The Bottom Line: The current hazard rating is LOW at all elevations for the Valdez area. Triggering a slab avalanche is unlikely but not impossible. Glide cracks may release into avalanches . . . limiting/avoiding exposure under them is prudent. Give cornices a wide berth.
Remember that LOW hazard does not mean NO hazard. Slab avalanches and Glide avalanches are unlikely but their descriptions remain below for awareness.
Problem 1: Wind Slab.
Distribution: all wind affected aspects above treeline. Size: small. Likelihood: unlikely. Sensitivity: stubborn-unreactive.
Description: The north wind increased January 4 blowing the New Year's soft snow and forming Wind Slabs up to 2' thick predominantly leeward to the northeasterly winds. Wind slab can be identified by dense, cohesive snow, cracking, and a hollow or drum like feel. Look for wind slab below exposed ridge lines and in proximity to Thompson Pass. Stiff wind slabs can lure riders well onto the slab before failing. Remain aware of riding through or above terrain traps.
Problem 2: Glide Avalanches.
There are open cracks from the port to 42 mile between 3500-4000' on multiple aspects. It is important to remember glide cracks can release into full-blown avalanches at any time and are not associated with human triggers. The best way to manage this problem is to limit (AKA avoid) travel underneath and beside them. A glide crack that was not previously identified released naturally probably on Jan 8 - mile 31 on the north side of the Tsaina River.
The current list of open glides cracks from West to East:
Problem 3: Persistent Slab.
Distribution: all aspects between 1200-4000'. Size: small. Likelihood: unlikely. Sensitivity: unreactive.
Description: There are multiple rain crusts layered with facets throughout the region (observed only up to 4000'). There are also BASEL facets (weak sugar snow) at the bottom of the snowpack . . . These problem layers are gaining strength and potentially either dormant or waiting for a large load such a big storm, cornice drop, or snow machine hitting a trigger point. If you choose to ride on slopes over 35 degrees choose slopes with clean run-outs and mindful selection of group spacing and safe zones. See videos of stability tests on our Facebook page.
The only reported avalanche was a natural glide avalanche at 31 mile where the Tsaina River meets Richardson Hwy.
Photo thanks to @hewitt_clyde also a video of glide cracks on our FB page: https://www.facebook.com/valdezavycenter/videos/839450486398343/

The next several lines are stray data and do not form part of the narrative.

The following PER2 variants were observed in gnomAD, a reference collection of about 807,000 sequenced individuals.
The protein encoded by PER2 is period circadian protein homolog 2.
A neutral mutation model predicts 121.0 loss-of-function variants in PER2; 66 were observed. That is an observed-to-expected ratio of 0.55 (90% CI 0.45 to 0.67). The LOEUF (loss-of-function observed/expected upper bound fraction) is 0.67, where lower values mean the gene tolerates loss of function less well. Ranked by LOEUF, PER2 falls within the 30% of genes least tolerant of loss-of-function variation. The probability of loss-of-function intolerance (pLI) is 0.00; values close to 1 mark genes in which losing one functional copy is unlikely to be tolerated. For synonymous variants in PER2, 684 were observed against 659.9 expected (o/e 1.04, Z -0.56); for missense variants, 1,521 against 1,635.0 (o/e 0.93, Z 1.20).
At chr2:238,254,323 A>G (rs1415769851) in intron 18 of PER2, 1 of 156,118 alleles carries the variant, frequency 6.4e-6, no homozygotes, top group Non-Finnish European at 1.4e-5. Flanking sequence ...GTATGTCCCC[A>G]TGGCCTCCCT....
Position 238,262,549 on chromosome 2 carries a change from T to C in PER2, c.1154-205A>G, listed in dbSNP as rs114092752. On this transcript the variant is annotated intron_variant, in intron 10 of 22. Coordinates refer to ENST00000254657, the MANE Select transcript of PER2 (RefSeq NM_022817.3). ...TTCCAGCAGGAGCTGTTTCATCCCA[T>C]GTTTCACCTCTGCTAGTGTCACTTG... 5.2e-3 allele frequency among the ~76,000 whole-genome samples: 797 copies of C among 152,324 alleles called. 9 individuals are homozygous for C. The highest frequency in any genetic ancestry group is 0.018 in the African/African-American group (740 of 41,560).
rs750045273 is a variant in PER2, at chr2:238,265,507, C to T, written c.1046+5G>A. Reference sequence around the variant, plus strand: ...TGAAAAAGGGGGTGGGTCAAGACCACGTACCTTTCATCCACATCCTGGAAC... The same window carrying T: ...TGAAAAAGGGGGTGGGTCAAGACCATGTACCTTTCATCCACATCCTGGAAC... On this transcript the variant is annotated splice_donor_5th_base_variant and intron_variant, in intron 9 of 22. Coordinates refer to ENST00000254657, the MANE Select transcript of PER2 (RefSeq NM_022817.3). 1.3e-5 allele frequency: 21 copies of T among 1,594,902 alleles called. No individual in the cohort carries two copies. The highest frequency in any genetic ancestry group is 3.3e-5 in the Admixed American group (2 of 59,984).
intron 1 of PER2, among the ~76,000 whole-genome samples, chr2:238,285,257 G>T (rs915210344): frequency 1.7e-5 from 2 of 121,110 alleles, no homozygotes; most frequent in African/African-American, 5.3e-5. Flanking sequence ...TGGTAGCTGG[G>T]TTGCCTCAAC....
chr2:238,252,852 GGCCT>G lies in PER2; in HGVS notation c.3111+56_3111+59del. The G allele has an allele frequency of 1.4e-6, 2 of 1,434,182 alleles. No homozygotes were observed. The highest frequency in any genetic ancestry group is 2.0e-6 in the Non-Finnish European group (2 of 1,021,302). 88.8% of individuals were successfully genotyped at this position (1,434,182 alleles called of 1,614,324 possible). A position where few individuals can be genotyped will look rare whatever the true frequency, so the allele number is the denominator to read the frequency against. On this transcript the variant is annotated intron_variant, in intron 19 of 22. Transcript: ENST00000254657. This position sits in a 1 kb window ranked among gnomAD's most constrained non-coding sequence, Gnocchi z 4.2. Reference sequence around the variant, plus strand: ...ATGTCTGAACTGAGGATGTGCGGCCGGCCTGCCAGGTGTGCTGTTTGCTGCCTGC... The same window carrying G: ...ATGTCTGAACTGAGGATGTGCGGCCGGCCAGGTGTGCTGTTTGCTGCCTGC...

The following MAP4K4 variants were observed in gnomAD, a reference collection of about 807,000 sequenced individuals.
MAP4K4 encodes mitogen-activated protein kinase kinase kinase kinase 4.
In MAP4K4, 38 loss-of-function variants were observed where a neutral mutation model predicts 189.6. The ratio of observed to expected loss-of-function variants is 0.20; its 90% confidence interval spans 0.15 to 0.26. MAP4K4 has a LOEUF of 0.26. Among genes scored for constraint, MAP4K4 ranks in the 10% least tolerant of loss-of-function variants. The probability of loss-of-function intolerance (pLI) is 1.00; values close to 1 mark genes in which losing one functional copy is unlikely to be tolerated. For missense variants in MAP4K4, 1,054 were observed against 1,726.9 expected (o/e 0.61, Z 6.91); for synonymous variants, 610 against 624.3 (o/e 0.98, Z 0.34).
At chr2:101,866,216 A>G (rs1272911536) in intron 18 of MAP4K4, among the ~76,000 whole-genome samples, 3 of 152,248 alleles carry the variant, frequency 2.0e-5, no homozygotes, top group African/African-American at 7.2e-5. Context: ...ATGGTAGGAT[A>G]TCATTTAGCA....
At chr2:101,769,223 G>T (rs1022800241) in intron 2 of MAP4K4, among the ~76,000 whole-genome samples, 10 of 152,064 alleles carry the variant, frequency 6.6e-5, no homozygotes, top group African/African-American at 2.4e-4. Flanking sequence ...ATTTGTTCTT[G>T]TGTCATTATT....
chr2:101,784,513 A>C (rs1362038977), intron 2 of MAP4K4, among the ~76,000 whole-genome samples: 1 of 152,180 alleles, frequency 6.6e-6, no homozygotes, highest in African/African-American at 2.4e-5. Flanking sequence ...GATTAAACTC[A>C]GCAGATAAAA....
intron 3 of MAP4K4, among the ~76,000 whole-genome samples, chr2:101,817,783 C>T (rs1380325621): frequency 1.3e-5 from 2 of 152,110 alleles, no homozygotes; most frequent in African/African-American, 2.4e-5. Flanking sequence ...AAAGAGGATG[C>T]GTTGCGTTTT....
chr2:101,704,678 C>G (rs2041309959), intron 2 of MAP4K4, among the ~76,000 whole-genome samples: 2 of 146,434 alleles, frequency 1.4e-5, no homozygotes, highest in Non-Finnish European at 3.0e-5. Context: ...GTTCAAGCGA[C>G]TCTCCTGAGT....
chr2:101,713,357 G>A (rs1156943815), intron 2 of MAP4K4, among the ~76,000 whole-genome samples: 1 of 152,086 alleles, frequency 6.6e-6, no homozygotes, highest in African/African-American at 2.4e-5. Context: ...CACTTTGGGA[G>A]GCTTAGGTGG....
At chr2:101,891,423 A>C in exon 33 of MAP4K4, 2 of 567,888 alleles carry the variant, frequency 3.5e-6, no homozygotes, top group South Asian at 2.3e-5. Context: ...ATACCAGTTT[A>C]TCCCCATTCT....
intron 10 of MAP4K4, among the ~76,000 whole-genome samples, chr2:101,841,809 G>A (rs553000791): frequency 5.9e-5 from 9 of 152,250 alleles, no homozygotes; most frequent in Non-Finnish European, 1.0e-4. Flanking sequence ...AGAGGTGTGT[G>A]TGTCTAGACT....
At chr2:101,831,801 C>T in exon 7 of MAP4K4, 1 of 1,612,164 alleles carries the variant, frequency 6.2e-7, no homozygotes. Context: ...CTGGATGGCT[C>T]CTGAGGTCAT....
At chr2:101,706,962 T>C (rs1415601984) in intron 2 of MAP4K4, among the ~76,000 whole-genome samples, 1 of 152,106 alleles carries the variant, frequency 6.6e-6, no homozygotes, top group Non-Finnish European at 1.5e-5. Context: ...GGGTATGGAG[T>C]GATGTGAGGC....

Please share your field observations including signs of stable snow HERE.
A small round of clouds and snow is approaching tonight through Friday (Jan 11). The next significant weather change is expected on Saturday night (Jan 12-14).
The most recent NWS rec Forecast can be found HERE:
320 PM AKST Thu Jan 10 2019
The Thompson Pass Mountain Forecast covers the mountains (above
1000 ft) surrounding Keystone Canyon through Thompson Pass to
Temp at 1000` -9--3 F 14 F
Temp at 3000` -2-10 F 3-12 F
Chance of precip 0% 30%
(above 1000 FT) 0.00 in 0.06 in
(above 1000 FT) 0 in 0-1 in
Snow level sea level sea level
Wind 3000` ridges NE 5-20 mph SE 5-10 mph
SNOWPACK BIG PICTURE: The region has been high and dry, cold, and dry, since Jan 5th with moderate+ north winds blowing the New Year's storms' snow and building wind slabs. The New Year's Eve storm brought nearly 2.5" of SWE to Valdez and almost another 1" on the 2-3rd of January. The rain line was 1200' during the last storm (which has now formed a 1-3" crust locking up all the snow beneath it). That is a LOT of snow and rain in 5 days and it accumulated to over 3' above 2000' near Thompson Pass. Both of these storms had little wind. Above 4000' the snowpack averages over 300cm deep and has good strength and structure (few lemons). Below 4000', the snowpack is significantly shallower and has more problem layers: facet-crust combos and BASEL facets (all the way to sea level).
If you get out riding, please send in an observation.
Do a rescue practice with your partners. Always carry a beacon, shovel, and probe, and KNOW HOW TO USE THEM.
Practice good risk management, which means only expose one person at a time to slopes 30 degrees and steeper, make group communication and unanimous decision making a priority, and choose your terrain wisely: eliminating unnecessary exposure and planning out your safe zones and escape routes.
The current avalanche hazard rating is LOW across all elevations in the Valdez region. Click FULL FORECAST for more information and please share your field observations HERE.
There are a lot of events coming up in January, check out our Facebook page for the complete list.
Forgot your password?
Lost your password? Please enter your email address. You will receive mail with link to set new password.
Back to login